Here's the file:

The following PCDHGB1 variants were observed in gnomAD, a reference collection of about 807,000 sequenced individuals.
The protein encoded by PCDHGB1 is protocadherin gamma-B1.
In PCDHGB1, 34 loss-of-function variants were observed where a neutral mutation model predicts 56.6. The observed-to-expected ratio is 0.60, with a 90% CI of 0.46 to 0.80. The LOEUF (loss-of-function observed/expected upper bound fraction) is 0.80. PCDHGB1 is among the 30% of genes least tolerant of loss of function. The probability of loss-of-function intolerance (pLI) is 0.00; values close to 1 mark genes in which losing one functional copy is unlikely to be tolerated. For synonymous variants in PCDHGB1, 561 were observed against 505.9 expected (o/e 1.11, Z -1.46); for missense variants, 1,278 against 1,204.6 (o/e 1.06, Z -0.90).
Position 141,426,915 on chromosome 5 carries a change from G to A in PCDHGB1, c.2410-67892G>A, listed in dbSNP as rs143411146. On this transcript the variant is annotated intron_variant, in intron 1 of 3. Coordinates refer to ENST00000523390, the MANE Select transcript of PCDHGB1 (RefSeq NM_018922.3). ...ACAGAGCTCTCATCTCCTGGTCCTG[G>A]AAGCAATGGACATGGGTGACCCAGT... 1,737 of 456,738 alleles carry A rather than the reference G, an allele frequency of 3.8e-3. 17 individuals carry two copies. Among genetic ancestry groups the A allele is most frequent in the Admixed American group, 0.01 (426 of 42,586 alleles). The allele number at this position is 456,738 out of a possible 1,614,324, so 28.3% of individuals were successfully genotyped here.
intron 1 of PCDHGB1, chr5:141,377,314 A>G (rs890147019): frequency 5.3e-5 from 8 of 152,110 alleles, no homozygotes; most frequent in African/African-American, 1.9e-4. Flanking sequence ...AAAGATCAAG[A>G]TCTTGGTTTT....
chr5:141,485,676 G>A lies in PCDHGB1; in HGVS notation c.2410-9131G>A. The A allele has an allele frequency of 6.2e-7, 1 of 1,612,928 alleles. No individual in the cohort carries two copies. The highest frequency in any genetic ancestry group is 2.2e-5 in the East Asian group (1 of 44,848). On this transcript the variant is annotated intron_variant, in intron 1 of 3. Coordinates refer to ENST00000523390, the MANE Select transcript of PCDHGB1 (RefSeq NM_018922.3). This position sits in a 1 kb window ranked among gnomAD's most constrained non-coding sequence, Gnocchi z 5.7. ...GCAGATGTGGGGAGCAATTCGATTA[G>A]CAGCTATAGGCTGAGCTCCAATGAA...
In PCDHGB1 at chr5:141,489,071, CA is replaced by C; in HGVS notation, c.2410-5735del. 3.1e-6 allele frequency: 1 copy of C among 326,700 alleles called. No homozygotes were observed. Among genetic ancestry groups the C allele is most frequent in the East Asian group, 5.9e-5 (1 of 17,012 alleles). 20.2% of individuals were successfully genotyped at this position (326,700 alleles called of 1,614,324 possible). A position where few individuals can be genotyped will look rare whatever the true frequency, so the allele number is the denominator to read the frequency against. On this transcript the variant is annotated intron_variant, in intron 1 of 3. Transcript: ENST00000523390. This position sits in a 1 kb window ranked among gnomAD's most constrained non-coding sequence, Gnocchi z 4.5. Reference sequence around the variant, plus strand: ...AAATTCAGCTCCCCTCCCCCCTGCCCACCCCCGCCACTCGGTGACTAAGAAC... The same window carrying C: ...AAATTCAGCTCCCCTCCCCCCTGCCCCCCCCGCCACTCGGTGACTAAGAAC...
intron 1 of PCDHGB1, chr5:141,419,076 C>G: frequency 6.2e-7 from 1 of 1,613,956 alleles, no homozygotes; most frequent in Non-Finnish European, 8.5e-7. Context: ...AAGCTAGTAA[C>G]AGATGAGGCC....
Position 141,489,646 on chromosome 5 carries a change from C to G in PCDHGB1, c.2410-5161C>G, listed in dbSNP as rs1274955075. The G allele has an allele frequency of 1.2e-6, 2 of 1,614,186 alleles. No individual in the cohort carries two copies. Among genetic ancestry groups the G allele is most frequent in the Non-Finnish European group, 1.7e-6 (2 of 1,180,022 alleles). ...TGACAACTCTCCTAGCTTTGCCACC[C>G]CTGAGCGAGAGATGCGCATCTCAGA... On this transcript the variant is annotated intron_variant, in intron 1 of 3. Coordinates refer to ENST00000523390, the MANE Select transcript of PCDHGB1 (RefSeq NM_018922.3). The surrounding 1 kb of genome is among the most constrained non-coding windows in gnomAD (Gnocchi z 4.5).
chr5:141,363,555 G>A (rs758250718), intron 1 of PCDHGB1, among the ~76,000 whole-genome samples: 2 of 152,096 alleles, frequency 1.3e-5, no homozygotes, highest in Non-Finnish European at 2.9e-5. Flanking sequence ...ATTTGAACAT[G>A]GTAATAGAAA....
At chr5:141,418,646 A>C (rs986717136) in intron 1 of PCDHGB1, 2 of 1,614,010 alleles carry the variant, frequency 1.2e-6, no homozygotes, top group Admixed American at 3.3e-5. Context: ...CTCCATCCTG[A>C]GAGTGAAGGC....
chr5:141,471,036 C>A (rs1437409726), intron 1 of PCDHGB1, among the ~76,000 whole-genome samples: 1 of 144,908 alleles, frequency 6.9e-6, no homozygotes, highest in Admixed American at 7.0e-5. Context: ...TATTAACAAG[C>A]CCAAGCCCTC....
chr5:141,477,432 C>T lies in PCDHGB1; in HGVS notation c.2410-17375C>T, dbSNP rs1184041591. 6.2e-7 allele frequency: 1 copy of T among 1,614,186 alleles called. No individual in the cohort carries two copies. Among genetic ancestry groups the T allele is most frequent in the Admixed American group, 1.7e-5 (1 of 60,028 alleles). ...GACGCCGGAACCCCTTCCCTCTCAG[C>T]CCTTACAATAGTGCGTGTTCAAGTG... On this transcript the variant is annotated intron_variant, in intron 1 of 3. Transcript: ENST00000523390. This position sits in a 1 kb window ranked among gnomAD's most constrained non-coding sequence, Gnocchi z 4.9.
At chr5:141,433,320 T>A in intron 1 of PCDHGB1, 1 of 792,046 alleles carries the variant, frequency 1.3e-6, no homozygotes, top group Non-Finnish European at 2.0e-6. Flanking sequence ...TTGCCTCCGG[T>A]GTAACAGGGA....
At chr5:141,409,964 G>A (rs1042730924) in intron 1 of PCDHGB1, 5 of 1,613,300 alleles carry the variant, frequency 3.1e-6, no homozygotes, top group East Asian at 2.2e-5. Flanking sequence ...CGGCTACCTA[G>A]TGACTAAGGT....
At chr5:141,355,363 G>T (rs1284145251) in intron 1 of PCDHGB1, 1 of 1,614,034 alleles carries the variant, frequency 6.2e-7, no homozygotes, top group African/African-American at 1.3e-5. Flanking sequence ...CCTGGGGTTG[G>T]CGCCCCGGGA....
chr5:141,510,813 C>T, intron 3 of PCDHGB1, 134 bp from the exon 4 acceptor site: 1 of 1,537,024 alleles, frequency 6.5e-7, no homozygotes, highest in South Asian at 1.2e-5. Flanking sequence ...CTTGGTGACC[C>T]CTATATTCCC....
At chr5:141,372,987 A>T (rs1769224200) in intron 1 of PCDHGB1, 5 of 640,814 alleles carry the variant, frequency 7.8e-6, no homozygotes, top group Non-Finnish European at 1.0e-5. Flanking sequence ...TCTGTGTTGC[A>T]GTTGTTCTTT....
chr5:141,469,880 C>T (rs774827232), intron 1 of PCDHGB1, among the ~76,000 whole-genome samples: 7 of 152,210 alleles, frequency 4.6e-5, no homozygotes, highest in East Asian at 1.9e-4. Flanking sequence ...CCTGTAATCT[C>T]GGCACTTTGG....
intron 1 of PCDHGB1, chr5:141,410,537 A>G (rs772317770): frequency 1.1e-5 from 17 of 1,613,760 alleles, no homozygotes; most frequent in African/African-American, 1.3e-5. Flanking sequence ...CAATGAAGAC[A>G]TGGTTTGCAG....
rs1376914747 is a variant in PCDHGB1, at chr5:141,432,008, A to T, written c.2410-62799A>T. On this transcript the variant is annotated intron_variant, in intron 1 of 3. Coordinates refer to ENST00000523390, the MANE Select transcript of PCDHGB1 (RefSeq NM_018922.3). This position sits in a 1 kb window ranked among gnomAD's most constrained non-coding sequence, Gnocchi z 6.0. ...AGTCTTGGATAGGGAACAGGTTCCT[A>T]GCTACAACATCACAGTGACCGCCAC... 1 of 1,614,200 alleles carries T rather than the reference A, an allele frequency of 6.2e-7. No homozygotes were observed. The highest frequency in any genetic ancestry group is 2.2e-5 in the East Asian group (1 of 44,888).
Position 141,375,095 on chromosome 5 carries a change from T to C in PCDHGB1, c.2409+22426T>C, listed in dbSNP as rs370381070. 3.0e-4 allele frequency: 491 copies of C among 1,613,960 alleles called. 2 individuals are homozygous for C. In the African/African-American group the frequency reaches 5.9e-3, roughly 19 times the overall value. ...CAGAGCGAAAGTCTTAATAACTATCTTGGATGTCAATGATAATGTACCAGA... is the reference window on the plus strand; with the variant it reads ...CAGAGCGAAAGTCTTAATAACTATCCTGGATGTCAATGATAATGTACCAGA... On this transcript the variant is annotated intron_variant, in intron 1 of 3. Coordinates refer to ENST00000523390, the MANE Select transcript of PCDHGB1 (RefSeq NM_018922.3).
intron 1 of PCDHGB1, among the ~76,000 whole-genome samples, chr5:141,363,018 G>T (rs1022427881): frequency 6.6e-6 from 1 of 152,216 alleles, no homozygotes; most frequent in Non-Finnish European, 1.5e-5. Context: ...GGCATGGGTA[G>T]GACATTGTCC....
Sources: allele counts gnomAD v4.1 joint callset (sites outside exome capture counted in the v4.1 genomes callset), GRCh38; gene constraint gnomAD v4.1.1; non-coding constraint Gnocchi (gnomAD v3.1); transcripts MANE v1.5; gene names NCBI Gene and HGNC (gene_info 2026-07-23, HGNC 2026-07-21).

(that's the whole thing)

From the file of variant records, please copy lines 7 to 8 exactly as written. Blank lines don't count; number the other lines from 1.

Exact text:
In PCDHGB1 at chr5:141,489,071, CA is replaced by C; in HGVS notation, c.2410-5735del. 3.1e-6 allele frequency: 1 copy of C among 326,700 alleles called. No homozygotes were observed. Among genetic ancestry groups the C allele is most frequent in the East Asian group, 5.9e-5 (1 of 17,012 alleles). 20.2% of individuals were successfully genotyped at this position (326,700 alleles called of 1,614,324 possible). A position where few individuals can be genotyped will look rare whatever the true frequency, so the allele number is the denominator to read the frequency against. On this transcript the variant is annotated intron_variant, in intron 1 of 3. Transcript: ENST00000523390. This position sits in a 1 kb window ranked among gnomAD's most constrained non-coding sequence, Gnocchi z 4.5. Reference sequence around the variant, plus strand: ...AAATTCAGCTCCCCTCCCCCCTGCCCACCCCCGCCACTCGGTGACTAAGAAC... The same window carrying C: ...AAATTCAGCTCCCCTCCCCCCTGCCCCCCCCGCCACTCGGTGACTAAGAAC...
intron 1 of PCDHGB1, chr5:141,419,076 C>G: frequency 6.2e-7 from 1 of 1,613,956 alleles, no homozygotes; most frequent in Non-Finnish European, 8.5e-7. Context: ...AAGCTAGTAA[C>G]AGATGAGGCC....